Basic facts about vitamin C
Primarily provided by fruit and vegetables, vitamin C is sensitive to cooking and air, but freezing only results in small losses.
Useful for adults and children alike, vitamin C is primarily known for helping to reduce fatigue and boosting the body’s defences (immune system).
|Vitamin C-rich foods, per 100 g*||Vitamin C content|
|Fresh cherry||9 mg|
|Fresh blackcurrant||186 mg|
|Preserved guava, drained||180 mg|
|Raw red pepper||176 mg|
|Fresh parsley||210 mg|
|Pasteurised, squeezed pure orange juice||36,8 mg|
|Raw green pepper||101 mg|
|Cooked broccoli||54,4 mg|
|Cooked cauliflower||35,6 mg|
|Cooked Brussels sprouts||61 mg|
|Cooked spinach||8,9 mg|
|Preserved asparagus, drained||15,8 mg|
|Cooked calf’s liver||23 mg|
|Cooked peas||15,5 mg|
|Raw tomato||16,7 mg|
|Boiled potatoes||11,1 mg|
|Cooked green beans||8,57 mg|
|Cooked leak||5,6 mg|
|Fresh apricot||5,3 mg|
|Cooked artichoke||5,5 mg|
|Plain whole milk yoghurt||0,2 mg|
Find out more about vitamin C
Vitamin C or ascorbic acid is water-soluble.
It is produced by plants and most animals with the exception of humans. Daily intake by children and adults is thus necessary, particularly as the body does not store vitamin C.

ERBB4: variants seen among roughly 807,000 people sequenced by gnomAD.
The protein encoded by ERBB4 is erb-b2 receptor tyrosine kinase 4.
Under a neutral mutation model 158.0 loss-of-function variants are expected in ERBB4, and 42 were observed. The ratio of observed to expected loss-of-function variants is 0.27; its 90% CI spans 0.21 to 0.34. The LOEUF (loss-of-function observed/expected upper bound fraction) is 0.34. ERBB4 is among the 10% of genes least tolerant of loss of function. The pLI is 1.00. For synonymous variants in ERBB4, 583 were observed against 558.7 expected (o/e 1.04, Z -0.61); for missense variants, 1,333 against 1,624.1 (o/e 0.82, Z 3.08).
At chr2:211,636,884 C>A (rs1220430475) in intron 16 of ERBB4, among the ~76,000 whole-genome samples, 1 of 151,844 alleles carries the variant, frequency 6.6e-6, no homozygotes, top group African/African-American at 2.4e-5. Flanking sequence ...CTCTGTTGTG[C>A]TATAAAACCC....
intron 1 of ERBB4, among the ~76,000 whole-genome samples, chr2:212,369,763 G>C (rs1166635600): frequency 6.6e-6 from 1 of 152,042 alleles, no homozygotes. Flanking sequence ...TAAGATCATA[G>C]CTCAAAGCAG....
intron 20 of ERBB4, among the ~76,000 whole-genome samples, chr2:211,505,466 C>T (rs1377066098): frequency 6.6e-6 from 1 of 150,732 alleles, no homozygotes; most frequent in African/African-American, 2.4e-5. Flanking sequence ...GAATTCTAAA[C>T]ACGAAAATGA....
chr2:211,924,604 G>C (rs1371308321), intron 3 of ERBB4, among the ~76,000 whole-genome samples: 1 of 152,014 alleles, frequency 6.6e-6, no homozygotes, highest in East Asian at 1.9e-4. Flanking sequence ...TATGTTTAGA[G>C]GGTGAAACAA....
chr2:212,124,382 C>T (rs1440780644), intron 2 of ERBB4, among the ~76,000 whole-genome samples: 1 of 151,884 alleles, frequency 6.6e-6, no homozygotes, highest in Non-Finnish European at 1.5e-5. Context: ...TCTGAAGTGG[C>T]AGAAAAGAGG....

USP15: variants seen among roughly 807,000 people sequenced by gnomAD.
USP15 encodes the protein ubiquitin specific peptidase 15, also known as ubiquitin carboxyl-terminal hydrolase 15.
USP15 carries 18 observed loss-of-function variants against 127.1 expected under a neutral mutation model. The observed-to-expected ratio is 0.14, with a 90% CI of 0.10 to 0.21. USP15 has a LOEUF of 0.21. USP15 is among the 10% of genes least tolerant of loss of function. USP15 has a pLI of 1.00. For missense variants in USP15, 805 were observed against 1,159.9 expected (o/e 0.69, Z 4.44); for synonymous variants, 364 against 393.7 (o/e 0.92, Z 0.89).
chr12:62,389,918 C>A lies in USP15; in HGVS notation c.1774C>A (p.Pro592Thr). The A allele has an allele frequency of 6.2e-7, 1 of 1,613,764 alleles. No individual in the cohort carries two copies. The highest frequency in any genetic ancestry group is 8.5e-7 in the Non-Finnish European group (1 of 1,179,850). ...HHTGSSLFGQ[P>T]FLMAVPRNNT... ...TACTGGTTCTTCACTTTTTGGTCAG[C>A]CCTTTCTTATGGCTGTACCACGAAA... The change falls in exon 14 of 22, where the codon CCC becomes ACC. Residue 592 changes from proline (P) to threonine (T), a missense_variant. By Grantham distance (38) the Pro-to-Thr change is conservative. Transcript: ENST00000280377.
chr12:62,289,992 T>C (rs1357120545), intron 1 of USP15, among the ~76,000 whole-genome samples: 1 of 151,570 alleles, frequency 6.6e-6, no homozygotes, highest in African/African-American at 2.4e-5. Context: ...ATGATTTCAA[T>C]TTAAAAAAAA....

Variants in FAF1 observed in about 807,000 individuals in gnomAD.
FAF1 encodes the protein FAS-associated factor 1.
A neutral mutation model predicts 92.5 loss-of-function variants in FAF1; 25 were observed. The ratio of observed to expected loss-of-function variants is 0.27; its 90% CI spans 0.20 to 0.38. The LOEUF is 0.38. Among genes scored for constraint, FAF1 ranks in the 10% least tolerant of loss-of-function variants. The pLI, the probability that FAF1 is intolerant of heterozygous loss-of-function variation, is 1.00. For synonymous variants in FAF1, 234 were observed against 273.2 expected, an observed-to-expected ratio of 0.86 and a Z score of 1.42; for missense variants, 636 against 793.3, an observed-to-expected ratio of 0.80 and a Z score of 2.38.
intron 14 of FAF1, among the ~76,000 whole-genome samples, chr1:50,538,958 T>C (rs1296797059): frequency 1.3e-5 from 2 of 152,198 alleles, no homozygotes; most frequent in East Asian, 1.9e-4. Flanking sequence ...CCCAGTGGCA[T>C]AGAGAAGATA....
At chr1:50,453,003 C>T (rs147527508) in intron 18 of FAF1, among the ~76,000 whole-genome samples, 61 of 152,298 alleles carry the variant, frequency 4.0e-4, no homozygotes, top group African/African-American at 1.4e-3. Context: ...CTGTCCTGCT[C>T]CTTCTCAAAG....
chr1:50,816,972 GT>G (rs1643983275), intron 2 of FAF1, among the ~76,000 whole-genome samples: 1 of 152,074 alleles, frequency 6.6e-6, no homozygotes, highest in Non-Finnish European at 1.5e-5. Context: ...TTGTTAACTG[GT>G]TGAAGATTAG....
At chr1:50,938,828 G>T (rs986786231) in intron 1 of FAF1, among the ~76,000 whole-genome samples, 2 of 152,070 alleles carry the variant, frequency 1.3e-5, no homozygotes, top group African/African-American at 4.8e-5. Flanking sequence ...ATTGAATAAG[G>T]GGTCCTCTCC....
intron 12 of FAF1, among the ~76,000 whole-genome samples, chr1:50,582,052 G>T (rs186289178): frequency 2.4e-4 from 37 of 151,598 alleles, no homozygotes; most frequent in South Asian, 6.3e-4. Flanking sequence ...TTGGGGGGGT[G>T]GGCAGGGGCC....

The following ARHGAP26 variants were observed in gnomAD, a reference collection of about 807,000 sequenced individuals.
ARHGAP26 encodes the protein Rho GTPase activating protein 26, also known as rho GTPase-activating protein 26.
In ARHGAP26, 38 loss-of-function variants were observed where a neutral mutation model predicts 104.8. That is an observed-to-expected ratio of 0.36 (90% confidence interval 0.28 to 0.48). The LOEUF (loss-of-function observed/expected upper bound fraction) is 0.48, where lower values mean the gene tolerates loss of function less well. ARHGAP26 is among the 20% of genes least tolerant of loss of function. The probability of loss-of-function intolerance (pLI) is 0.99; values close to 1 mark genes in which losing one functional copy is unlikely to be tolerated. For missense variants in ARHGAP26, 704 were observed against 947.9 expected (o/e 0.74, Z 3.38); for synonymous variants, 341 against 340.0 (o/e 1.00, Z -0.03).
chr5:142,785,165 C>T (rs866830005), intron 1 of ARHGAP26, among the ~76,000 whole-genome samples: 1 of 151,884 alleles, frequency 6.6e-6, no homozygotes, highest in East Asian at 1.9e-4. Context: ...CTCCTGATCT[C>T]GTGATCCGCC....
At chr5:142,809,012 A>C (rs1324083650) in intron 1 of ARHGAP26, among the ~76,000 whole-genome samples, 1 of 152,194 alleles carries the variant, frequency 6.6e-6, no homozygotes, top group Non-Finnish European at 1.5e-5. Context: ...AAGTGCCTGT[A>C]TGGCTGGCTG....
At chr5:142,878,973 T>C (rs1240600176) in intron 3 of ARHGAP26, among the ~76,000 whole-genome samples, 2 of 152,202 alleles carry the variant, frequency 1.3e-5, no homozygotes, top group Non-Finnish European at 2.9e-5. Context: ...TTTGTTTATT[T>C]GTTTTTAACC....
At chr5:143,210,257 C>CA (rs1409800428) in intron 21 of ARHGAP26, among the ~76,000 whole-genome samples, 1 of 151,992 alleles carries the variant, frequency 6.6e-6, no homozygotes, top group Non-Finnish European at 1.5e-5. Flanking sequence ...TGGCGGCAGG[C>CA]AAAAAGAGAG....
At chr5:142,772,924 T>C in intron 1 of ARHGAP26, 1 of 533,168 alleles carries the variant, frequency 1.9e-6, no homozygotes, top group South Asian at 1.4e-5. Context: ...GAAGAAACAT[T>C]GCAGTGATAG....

Vitamin C is primarily contained in fruit and vegetables.
Ascorbic acid is sensitive to air, heat (destroyed at 190°C) and light. Freezing does not result in any losses.
Vitamin C disappears gradually as the plants wilt. For this reason, it is important to consume fresh fruit and vegetables quickly so as to retain all their vitamin C.
Roles of vitamin C
Vitamin C supports normal collagen formation to ensure healthy function of blood vessels, bones, gums, teeth, cartilage and skin. It also increases iron absorption.
It supports the healthy function of the body’s defences (immune system).
It plays a role in nervous system function and psychological functions.
As an antioxidant, vitamin C helps protect cells against oxidative stress.
This vitamin helps reduce fatigue.
Requirements in vitamin C
Table of DRIs (Dietary Reference Intakes) for vitamin C:
|Age / Status||RDA for vitamin C|
|Children aged 1 to 3 years||60 mg|
|Children aged 4 to 12 years||75 à 100 mg|
|Teenagers aged 13 to 19 years||110 mg|
|Pregnant women||120 mg|
|Breastfeeding women||130 mg|
|Elderly people||120 mg|